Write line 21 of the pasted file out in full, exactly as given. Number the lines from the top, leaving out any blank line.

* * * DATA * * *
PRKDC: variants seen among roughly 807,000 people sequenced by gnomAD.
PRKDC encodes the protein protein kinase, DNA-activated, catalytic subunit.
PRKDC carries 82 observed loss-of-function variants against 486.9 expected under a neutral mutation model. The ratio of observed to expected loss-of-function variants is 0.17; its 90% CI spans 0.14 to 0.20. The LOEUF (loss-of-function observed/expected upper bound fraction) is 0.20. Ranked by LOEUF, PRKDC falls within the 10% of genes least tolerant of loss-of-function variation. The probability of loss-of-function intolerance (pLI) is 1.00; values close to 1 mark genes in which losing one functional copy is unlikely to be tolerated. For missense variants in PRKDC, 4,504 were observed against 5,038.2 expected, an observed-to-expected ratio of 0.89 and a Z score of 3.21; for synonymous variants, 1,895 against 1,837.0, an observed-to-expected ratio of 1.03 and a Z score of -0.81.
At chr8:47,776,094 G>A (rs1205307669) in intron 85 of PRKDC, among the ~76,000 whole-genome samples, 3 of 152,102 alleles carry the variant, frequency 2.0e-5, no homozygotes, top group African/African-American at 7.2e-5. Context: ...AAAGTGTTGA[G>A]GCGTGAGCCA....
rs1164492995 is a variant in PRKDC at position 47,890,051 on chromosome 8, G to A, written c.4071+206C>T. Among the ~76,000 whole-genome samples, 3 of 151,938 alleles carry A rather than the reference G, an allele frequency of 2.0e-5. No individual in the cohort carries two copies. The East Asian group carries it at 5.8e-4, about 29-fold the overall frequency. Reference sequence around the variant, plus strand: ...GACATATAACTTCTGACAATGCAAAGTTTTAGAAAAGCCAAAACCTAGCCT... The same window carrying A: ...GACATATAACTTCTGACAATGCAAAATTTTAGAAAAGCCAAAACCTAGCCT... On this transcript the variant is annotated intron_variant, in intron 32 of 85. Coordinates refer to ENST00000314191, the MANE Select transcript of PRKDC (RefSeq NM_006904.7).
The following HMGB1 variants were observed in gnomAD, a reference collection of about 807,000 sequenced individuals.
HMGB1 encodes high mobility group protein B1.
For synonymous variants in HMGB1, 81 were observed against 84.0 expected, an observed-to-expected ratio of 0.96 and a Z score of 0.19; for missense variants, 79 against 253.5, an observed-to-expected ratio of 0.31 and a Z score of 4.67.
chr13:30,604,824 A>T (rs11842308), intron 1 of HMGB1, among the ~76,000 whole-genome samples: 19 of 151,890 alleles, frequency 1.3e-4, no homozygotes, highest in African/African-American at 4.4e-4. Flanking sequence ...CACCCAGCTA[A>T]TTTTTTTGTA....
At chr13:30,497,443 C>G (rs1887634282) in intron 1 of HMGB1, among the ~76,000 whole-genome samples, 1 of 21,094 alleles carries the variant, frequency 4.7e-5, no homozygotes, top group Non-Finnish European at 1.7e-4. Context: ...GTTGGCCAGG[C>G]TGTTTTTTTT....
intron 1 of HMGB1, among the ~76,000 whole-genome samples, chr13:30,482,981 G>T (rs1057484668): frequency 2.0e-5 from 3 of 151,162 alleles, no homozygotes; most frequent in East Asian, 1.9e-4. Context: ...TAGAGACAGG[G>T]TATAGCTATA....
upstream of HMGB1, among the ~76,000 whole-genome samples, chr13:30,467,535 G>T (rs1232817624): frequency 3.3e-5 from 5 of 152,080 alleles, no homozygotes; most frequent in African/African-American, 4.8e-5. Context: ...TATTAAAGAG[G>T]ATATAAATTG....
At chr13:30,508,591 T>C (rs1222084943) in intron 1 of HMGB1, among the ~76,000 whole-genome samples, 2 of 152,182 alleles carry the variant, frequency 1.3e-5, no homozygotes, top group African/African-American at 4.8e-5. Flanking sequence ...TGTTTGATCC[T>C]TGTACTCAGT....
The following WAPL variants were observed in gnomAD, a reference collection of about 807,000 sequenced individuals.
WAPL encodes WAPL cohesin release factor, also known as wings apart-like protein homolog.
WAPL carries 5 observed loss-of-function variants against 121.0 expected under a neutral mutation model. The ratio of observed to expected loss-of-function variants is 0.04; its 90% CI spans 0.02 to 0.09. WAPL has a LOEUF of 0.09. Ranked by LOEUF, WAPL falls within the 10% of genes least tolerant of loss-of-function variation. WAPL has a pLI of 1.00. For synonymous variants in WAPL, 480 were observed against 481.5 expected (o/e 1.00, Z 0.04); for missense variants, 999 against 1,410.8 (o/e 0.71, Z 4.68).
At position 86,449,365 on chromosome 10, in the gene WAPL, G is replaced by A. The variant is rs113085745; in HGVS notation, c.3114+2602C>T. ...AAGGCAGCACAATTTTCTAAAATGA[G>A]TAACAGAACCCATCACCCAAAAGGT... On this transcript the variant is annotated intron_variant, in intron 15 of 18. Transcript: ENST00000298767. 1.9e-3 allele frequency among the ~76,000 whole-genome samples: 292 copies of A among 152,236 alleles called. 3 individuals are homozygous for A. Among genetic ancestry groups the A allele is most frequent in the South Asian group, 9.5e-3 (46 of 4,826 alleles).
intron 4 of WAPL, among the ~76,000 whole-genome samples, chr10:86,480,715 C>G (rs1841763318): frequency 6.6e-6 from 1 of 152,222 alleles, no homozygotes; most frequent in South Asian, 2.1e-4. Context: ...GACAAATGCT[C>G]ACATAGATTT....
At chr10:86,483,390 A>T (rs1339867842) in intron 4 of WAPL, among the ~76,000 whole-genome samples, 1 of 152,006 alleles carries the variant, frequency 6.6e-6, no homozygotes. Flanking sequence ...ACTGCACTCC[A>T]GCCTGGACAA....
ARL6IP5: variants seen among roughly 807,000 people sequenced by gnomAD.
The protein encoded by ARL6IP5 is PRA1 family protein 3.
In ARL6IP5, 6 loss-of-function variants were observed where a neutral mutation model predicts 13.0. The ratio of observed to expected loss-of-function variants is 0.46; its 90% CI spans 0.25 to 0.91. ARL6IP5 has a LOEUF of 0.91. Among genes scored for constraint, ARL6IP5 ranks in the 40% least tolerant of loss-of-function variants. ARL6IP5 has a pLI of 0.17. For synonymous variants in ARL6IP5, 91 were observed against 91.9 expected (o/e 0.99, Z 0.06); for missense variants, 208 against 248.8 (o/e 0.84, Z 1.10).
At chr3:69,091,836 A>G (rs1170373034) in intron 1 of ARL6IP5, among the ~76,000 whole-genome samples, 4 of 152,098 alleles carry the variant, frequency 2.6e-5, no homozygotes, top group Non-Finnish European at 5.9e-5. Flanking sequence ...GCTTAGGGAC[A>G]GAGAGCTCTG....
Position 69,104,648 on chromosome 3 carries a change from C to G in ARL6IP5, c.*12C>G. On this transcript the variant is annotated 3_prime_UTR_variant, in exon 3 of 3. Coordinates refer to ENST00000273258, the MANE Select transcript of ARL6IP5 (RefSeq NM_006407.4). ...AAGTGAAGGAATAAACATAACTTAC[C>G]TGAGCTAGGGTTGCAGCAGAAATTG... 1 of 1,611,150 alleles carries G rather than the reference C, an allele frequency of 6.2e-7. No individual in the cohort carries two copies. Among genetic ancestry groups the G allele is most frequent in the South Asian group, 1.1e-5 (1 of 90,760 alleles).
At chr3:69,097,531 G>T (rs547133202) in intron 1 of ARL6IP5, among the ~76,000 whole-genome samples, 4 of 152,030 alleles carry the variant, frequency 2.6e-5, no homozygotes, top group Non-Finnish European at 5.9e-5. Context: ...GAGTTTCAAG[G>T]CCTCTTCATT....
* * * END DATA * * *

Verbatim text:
The protein encoded by ARL6IP5 is PRA1 family protein 3.